James Clarke SAS Daniels

SAS Daniels: Stockport should follow Northern Quarter path

Stockport should look to the successful regeneration of Manchester's Northern Quarter to bring its high street back to life, claims the commercial real estate team at local law firm SAS Daniels.

The town was named this week as having one of the highest shop vacancy rates in the country, with 25.9% of units currently standing vacant, according to the Local Data Company. The data also revealed there are one in five shops in the North now empty, compared to one in 10 in the South.

James Clarke, partner at SAS Daniels LLP, said: "This data paints a pretty grim picture of the high street in Stockport and the North West on the whole but there's a lot of good work being done to help improve our local town centre."

Clarke continued: "Although there are already plans in place to regenerate Stockport we believe that more needs to be done to create a strong customer base by encouraging residential development in the town centre and this needs to include affordable housing.

"We've seen this work particularly well in Manchester as areas like the Northern Quarter have aligned residential developments with leisure, making it an attractive location to live and for hotels and independent retailers to base themselves."

Clarke said business rate concessions and lower rents or incentives from landlords would encourage entrepreneurs and independent retailers to start to fill some of the empty properties.

He added: "The council should look at old offices and brown field sites in Stockport for residential development to provide a customer base which will support our shops and encourage growth and introduce plans to diversify the high street to create a destination experience. The success of the Northern Quarter is a great example of how this can be done.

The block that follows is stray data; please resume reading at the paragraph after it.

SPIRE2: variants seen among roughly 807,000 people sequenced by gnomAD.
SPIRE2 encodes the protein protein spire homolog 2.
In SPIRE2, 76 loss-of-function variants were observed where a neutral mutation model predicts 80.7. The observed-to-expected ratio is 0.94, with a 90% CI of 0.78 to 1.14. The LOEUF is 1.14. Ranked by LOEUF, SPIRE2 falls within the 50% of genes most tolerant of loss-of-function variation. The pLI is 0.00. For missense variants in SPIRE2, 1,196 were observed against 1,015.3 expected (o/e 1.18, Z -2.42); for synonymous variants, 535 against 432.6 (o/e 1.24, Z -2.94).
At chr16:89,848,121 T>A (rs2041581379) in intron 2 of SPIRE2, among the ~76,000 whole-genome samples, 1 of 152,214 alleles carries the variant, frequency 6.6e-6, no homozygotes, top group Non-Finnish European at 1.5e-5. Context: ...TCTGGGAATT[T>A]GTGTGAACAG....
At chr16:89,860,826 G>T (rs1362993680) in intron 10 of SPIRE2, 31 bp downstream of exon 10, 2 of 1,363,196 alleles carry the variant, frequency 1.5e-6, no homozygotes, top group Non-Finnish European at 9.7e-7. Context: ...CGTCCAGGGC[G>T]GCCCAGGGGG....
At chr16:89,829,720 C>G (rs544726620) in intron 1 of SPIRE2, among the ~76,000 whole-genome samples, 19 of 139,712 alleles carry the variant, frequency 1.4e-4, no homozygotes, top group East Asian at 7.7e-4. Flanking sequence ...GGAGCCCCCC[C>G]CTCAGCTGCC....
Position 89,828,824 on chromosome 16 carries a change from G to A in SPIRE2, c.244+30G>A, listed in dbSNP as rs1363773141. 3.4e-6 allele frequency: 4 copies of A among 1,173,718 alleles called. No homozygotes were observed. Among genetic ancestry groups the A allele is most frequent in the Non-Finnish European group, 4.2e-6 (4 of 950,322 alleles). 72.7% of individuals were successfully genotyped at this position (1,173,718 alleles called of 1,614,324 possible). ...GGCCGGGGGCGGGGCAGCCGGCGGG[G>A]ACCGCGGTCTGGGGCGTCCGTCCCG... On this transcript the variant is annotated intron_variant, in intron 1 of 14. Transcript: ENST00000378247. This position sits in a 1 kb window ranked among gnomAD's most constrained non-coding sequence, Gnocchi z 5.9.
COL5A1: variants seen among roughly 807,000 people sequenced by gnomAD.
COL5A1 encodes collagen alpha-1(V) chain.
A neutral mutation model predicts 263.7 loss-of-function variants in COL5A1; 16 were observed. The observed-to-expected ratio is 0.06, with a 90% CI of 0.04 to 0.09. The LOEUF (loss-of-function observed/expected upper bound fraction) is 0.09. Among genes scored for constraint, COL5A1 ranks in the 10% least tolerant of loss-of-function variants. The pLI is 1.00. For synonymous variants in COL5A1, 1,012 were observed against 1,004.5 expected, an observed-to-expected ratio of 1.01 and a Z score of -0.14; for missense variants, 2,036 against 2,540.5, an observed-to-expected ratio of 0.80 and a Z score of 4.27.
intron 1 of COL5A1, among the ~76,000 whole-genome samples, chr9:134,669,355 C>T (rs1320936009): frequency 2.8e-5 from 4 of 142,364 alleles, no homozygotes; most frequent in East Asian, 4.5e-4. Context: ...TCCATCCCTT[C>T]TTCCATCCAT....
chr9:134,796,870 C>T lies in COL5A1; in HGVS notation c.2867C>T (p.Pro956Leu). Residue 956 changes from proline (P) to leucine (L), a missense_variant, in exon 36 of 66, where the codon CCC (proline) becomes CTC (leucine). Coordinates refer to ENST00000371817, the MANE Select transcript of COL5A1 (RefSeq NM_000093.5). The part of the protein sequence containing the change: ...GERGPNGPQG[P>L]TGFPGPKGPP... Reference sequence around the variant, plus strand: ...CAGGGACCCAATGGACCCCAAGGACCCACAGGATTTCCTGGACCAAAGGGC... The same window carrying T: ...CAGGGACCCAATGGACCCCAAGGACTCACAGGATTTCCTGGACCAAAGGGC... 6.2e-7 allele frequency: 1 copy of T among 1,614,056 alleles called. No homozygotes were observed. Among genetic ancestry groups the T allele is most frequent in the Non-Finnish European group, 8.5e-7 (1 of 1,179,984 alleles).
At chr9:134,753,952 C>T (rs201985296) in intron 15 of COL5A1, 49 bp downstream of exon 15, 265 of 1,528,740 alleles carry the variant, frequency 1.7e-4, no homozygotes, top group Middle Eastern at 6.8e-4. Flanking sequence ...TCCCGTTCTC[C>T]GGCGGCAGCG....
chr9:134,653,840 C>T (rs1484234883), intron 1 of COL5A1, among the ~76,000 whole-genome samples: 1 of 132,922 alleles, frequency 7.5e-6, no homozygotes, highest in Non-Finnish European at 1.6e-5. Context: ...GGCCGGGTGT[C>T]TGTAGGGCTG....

"Stockport has loads going for it; it's a historic market town with a rich history, excellent transport links, countryside on the doorstep and lower living costs than Manchester. But it needs to make the town centre more attractive to increase footfall and provide an alternative to out of town/retail park shopping, rather than trying to compete with it.

"It's important that Stockport becomes a key destination again and we need to encourage diversity in the high street with more independent shops, cafes and restaurants to encourage shoppers to visit."

SAS Daniels employs 70 fee earners, including 23 partners, in Stockport, Macclesfield, Chester and Congleton.

Your Comments

The problem with Stockport is that it is ugly as sin, dominated by roads and has little character – all characteristics that do not afflict the Northern Quater. Make it an attractive place for people to spend time and you might have a chance of filling those units.

By Realist

The first secret of successful regen is to recognise your assets and make the most of them. Realist is blind. I came down from Lancs for the monthly vintage event around the market hall, and was astonished by the loveliness of the underbridge and market area of the old town. But does the world know about it? I don’t think so…

By Nick Hunt